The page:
Effects of different physical exercise programs on susceptibility to pilocarpine-induced seizures in female rats

Effects of different physical exercise programs on susceptibility to pilocarpine-induced seizures in female rats

Author Campos, Diego Vannucci Autor UNIFESP Google Scholar
Lopim, Glauber Menezes Autor UNIFESP Google Scholar
Almeida, Vanessa Santos de Autor UNIFESP Google Scholar
Amado, Debora Autor UNIFESP Google Scholar
Arida, Ricardo Mario Autor UNIFESP Google Scholar
Abstract In epilepsy, the most common serious neurological disorder worldwide, several investigations in both humans and animals have shown the effectiveness of physical exercise programs as a complementary therapy. Among the benefits demonstrated, regular exercise can decrease the number of seizures as well as improve cardiovascular and psychological health in people with epilepsy. While many studies in animals have been performed to show the beneficial effects of exercise, they exclusively used male animals. However, females are also worthy of investigation because of their cyclical hormonal fluctuations and possible pregnancy. Considering the few animal studies concerning seizure susceptibility and exercise programs in females, this study aimed to verify whether exercise programs can interfere with seizure susceptibility induced by pilocarpine in adult female Wistar rats. Animals were randomly divided into three groups: control, forced, and voluntary (animals kept in a cage with a wheel). After the final exercise session, animals received a pilocarpine hydrochloride (350 mg/kg i.p.

Sigma) injection to induce seizures. To measure the intensity of pilocarpine-induced motor signs, we used a scale similar to that developed by Racine (1972) in the kindling model. During a 4-h period of observation, we recorded latency for first motor signs, latency for reaching SE, number of animals that developed SE, and intensity of pilocarpine-induced motor signs. No difference was observed among groups in latency for first motor signs and in the number of animals that developed SE. Although the voluntary group presented more intense motor signs, an increased latency for developing SE was observed compared with that in forced and control groups. Our behavioral results are not enough to explain physiological and molecular pathways, but there are mechanisms described in literature which may allow us to propose possible explanations. Voluntary exercise increased latency to SE development. Further investigation is necessary to elucidate the pathways involved in these results, while more studies should be performed regarding gender specific differences. (C) 2016 Elsevier Inc. All rights reserved.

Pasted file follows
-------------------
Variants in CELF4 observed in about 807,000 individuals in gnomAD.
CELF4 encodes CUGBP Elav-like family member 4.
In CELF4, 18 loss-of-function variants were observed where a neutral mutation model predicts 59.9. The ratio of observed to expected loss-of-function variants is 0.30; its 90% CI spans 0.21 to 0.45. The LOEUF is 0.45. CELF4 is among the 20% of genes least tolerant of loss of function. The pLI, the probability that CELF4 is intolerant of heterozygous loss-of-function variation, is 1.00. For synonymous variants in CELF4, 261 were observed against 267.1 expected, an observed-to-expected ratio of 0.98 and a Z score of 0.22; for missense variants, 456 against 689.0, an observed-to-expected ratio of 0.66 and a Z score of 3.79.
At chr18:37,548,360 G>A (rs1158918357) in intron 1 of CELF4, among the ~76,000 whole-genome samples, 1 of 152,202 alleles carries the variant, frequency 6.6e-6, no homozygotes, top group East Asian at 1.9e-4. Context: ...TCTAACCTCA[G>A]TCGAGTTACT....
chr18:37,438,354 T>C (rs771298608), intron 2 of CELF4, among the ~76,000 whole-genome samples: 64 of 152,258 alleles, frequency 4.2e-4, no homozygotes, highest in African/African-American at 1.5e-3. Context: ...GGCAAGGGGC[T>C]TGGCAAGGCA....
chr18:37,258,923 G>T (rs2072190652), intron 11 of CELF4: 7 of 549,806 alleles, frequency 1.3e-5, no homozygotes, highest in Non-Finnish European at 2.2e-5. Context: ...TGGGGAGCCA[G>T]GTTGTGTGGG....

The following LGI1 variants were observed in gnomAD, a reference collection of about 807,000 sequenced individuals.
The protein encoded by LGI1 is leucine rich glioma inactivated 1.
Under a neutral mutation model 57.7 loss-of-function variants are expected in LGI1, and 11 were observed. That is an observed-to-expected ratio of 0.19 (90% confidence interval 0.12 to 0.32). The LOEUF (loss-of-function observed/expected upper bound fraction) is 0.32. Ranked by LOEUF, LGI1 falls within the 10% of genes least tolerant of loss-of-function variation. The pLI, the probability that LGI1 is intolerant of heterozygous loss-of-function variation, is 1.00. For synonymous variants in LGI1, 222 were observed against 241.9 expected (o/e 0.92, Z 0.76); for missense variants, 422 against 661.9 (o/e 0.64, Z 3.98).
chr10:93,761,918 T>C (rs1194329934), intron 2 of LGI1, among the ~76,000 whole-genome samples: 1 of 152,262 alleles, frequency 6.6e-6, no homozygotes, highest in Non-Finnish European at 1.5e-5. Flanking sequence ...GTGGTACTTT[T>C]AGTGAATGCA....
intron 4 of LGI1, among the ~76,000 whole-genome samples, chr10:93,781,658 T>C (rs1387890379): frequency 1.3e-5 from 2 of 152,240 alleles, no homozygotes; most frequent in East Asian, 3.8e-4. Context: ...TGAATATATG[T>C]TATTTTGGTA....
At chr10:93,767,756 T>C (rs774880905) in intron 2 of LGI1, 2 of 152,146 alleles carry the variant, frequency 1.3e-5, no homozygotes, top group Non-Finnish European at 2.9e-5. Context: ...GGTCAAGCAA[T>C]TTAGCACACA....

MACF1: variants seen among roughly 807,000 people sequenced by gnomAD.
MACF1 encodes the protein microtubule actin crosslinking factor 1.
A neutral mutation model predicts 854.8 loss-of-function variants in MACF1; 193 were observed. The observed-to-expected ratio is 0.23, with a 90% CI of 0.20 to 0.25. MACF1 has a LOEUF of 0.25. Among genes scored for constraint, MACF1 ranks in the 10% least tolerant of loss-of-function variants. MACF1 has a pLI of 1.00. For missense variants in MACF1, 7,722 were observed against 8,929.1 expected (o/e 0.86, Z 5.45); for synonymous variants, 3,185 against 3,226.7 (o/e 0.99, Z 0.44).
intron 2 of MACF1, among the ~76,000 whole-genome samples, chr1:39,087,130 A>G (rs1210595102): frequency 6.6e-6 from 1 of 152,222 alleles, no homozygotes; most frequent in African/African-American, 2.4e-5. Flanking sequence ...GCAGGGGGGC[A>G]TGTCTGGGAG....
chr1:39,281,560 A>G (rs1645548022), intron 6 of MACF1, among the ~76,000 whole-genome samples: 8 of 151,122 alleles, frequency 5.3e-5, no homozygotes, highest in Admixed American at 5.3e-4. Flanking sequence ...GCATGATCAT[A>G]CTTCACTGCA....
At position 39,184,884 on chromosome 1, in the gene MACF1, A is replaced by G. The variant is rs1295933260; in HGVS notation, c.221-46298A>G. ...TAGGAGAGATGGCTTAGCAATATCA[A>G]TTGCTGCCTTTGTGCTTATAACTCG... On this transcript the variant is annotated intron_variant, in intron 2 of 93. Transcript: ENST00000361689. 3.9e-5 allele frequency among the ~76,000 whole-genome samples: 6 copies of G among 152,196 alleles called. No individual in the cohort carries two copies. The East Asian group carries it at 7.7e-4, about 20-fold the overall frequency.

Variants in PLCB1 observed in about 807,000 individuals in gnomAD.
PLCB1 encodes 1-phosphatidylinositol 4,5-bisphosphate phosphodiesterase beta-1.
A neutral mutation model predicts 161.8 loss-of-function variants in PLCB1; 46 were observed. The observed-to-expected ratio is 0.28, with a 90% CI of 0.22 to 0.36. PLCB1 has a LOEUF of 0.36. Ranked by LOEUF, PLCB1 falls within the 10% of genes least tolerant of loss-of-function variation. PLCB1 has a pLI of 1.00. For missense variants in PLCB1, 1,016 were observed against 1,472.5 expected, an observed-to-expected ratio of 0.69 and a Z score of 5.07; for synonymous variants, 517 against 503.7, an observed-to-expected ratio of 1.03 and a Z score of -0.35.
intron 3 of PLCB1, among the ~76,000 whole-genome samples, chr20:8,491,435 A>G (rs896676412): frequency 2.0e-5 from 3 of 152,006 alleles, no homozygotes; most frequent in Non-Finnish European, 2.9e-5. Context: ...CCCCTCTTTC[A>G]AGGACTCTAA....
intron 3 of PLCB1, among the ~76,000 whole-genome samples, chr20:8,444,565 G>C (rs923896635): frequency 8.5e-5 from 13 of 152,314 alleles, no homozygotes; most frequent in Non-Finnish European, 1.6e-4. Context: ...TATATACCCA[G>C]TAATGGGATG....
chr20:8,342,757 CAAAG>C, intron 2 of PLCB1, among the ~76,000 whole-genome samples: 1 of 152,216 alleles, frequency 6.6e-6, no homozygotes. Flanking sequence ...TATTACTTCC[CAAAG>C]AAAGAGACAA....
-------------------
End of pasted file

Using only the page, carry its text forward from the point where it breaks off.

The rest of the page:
Keywords Epilepsy
Seizures susceptibility
Female rats
xmlui.dri2xhtml.METS-1.0.item-coverage San Diego
Language English
Sponsor Coordenação de Aperfeiçoamento de Pessoal de Nível Superior (CAPES)
Fundação de Amparo à Pesquisa do Estado de São Paulo (FAPESP)
Conselho Nacional de Desenvolvimento Científico e Tecnológico (CNPq)
Grant number FAPESP: 2015/19256-0
CNPq: 300605/2013-0
Date 2016
Published in Epilepsy & Behavior. San Diego, v. 64, p. 262-267, 2016.
ISSN 1525-5050 (Sherpa/Romeo, impact factor)
Publisher Academic Press Inc Elsevier Science
Extent 262-267
Origin http://dx.doi.org/10.1016/j.yebeh.2016.08.011
Access rights Open access Open Access
Type Article
Web of Science ID WOS:000389734800045
URI https://repositorio.unifesp.br/handle/11600/56790

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